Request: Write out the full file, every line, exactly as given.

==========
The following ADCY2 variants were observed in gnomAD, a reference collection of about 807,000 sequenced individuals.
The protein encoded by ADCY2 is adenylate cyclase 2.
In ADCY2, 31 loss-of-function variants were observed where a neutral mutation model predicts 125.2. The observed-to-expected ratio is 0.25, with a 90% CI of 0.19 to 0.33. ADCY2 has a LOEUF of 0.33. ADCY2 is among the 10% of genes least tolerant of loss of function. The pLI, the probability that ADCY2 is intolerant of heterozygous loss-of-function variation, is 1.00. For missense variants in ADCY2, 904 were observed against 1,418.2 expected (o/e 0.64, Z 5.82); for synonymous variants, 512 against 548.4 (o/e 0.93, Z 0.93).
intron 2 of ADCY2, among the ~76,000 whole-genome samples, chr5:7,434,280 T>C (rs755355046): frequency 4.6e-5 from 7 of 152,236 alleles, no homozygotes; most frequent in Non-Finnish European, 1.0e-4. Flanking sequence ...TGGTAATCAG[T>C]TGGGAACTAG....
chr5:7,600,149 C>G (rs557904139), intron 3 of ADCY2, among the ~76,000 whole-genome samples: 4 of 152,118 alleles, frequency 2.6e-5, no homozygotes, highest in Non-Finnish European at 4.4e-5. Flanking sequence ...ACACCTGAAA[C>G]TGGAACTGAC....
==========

The following ADCY2 variants were observed in gnomAD, a reference collection of about 807,000 sequenced individuals.
The protein encoded by ADCY2 is adenylate cyclase 2.
In ADCY2, 31 loss-of-function variants were observed where a neutral mutation model predicts 125.2. The observed-to-expected ratio is 0.25, with a 90% CI of 0.19 to 0.33. ADCY2 has a LOEUF of 0.33. ADCY2 is among the 10% of genes least tolerant of loss of function. The pLI, the probability that ADCY2 is intolerant of heterozygous loss-of-function variation, is 1.00. For missense variants in ADCY2, 904 were observed against 1,418.2 expected (o/e 0.64, Z 5.82); for synonymous variants, 512 against 548.4 (o/e 0.93, Z 0.93).
intron 2 of ADCY2, among the ~76,000 whole-genome samples, chr5:7,434,280 T>C (rs755355046): frequency 4.6e-5 from 7 of 152,236 alleles, no homozygotes; most frequent in Non-Finnish European, 1.0e-4. Flanking sequence ...TGGTAATCAG[T>C]TGGGAACTAG....
chr5:7,600,149 C>G (rs557904139), intron 3 of ADCY2, among the ~76,000 whole-genome samples: 4 of 152,118 alleles, frequency 2.6e-5, no homozygotes, highest in Non-Finnish European at 4.4e-5. Flanking sequence ...ACACCTGAAA[C>G]TGGAACTGAC....